As a master manipulator of Tribal politics behind the scenes, Gilbert is patient, cunning, and obviously a formidable advocate. Certainly Tribal members know little or nothing about the proposed Settlement and its implementation.

On This Side of the Cattle Guard

The Town of Taos, since the days of Father Fred and Slick Gus have ignored and neglected community interests in Abeyta. Painter (EPWSD) once told me he tried to get the Town to buy Top of the World Water Rights, the rights allegedly sold [by Tom Worrell, I think] to Santa Fe County. Indeed Slick Gus forbade Town Councilors to attend Abeyta meetings though Gene Sanchez went to a couple.

In fact Painter is the only source of information on Abeyta. Painter has done his best to protect and capitalize EPWSD. I cannot imagine how much per capita the District’s total investment is.

TVAA’s Palemon Martinez has been discredited in his community up in Seco-El Salto, and removed from acequia leadership, due to allegations of insider dealing re: storage and recovery wells, etc. He remains titular head of TVAA due to his position on a ditch in Valdez. But who at TVAA will succeed Palemon?

Longtime Hondo ditch activist and critic Alfred Trujillo has always said, in public and private that TVAA represents the interests of junior water rights holders in Valdez at the expense of Hondo’s senior rights. Alfred, who opposed Abeyta, and Eduardo Lavadie (RIP), started TVAA. Alfred, like Dave Rael of the Spring Ditch, remains knowledgeable and informed if frustrated. Jerome Lucero of the Spring Ditch put up money for legal expenses on behalf of Spring Ditch parciantes but doesn’t expect to ever see it. He’s a realist.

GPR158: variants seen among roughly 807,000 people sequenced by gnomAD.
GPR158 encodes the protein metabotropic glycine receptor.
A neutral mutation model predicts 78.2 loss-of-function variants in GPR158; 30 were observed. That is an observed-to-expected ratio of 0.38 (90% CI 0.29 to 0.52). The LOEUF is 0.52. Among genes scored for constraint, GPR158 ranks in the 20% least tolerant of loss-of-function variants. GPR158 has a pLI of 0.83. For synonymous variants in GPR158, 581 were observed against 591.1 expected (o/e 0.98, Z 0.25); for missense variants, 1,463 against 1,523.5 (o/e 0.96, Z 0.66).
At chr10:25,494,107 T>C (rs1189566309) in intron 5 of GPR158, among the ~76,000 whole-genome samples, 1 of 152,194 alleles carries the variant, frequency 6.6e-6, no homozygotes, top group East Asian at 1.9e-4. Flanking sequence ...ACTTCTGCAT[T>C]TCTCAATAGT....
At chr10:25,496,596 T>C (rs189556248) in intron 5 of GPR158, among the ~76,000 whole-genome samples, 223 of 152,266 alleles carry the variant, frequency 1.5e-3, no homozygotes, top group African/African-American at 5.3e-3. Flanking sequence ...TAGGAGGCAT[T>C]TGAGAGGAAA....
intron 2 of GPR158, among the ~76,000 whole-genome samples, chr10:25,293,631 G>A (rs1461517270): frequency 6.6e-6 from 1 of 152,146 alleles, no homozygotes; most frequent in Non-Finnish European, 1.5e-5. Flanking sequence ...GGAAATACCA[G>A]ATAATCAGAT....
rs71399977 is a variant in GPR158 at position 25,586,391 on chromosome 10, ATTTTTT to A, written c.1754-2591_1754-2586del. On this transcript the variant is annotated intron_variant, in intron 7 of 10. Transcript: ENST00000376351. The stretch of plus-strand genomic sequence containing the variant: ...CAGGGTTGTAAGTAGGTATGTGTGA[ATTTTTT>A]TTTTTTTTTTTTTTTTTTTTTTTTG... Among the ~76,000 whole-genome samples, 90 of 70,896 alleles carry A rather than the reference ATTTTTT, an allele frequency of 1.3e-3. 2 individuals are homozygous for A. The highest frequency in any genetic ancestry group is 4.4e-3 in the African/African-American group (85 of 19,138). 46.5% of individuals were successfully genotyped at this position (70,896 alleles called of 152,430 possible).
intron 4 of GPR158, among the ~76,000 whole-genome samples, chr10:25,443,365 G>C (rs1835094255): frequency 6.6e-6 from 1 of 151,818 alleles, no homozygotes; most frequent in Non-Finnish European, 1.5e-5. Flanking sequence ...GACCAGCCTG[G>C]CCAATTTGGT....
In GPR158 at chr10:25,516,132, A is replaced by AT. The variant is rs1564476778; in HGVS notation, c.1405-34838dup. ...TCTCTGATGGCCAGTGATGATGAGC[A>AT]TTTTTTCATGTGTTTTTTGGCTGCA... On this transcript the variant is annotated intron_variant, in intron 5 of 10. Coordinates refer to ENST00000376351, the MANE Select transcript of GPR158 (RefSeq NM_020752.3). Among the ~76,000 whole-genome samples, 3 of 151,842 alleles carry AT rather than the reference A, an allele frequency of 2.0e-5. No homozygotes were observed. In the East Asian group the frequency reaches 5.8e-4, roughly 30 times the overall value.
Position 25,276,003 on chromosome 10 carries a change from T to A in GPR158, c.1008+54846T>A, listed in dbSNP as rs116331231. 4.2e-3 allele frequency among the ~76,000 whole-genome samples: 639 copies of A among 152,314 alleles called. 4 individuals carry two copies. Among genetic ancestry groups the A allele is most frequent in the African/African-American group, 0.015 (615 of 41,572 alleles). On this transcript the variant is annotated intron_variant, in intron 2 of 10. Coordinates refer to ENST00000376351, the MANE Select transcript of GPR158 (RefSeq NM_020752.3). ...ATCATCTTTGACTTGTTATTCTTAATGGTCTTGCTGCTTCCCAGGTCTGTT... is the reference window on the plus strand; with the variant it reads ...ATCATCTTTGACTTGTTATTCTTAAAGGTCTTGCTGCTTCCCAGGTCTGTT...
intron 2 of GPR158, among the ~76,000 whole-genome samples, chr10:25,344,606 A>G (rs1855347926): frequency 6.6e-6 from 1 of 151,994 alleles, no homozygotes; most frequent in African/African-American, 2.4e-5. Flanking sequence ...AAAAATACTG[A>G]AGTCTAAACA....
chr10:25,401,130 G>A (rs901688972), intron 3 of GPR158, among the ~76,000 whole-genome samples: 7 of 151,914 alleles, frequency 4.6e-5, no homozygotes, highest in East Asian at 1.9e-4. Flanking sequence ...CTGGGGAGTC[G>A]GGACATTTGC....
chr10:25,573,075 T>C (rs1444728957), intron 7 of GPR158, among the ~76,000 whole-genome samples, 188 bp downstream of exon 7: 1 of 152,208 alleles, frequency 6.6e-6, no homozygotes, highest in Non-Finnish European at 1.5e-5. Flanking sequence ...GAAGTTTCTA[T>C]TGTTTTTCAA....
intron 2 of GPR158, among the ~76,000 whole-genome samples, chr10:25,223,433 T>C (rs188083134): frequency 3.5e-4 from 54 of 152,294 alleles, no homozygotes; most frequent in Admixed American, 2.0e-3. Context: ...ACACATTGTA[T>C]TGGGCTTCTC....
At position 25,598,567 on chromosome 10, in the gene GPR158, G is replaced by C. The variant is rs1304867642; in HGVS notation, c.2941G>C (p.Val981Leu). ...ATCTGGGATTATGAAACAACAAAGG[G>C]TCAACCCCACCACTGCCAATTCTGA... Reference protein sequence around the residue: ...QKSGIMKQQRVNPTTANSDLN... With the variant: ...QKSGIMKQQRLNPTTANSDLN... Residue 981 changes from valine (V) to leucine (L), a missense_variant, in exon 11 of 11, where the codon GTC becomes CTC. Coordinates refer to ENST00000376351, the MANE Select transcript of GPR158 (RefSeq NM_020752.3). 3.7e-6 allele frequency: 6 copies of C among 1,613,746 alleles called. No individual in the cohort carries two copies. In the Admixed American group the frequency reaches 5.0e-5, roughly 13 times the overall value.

Elected officials at the Town remain largely ignorant and in absentia when it comes to Abeyta matters, relying on interim attorneys and a history of poorly informed engineers.

Conclusion

All that we taxpayers, parciantes, members of EPWSD or MDWCAs know is that we don’t know. Gilbert and Nelson have a goal that involves the greater survival of Taos Pueblo. The Town and EPWSD will survive one way or another due to the tax base. But TVAA and the MDWCAs, given a lack of resources and knowledge, are floating on paper water rights and legalistic agreements. Taos County’s lawsuit against Top of the World’s 1700 acre feet transfer of water from north of Questa to Aamodt comes about 18 years too late. While well intentioned the County’s quixotic protest seems fatally flawed.

Activists for years lobbied Taos County to protect parciantes against transfers that would hurt both watersheds and acequias but the Commissioners were intimidated by the local politics of Abeyta. Given the lack of moisture this year and arguments at the Supreme Court re: the Rio Grande, Abeyta “implementation” today remains a “riddle wrapped in a mystery inside an enigma.”

The pen is mightier than the shovel.